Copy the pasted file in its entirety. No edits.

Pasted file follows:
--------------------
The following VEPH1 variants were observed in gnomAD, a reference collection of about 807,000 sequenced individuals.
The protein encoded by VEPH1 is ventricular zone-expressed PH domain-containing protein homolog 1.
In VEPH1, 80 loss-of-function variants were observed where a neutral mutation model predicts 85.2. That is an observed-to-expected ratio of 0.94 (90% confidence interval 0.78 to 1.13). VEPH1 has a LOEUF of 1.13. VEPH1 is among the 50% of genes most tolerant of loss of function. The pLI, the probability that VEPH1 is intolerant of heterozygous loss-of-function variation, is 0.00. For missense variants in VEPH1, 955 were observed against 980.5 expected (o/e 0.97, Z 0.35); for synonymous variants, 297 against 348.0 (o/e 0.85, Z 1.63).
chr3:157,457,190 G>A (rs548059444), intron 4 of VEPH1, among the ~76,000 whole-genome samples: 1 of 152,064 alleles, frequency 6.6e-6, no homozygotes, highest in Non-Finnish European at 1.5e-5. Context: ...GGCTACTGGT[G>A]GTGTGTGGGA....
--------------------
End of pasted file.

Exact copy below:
The following VEPH1 variants were observed in gnomAD, a reference collection of about 807,000 sequenced individuals.
The protein encoded by VEPH1 is ventricular zone-expressed PH domain-containing protein homolog 1.
In VEPH1, 80 loss-of-function variants were observed where a neutral mutation model predicts 85.2. That is an observed-to-expected ratio of 0.94 (90% confidence interval 0.78 to 1.13). VEPH1 has a LOEUF of 1.13. VEPH1 is among the 50% of genes most tolerant of loss of function. The pLI, the probability that VEPH1 is intolerant of heterozygous loss-of-function variation, is 0.00. For missense variants in VEPH1, 955 were observed against 980.5 expected (o/e 0.97, Z 0.35); for synonymous variants, 297 against 348.0 (o/e 0.85, Z 1.63).
chr3:157,457,190 G>A (rs548059444), intron 4 of VEPH1, among the ~76,000 whole-genome samples: 1 of 152,064 alleles, frequency 6.6e-6, no homozygotes, highest in Non-Finnish European at 1.5e-5. Context: ...GGCTACTGGT[G>A]GTGTGTGGGA....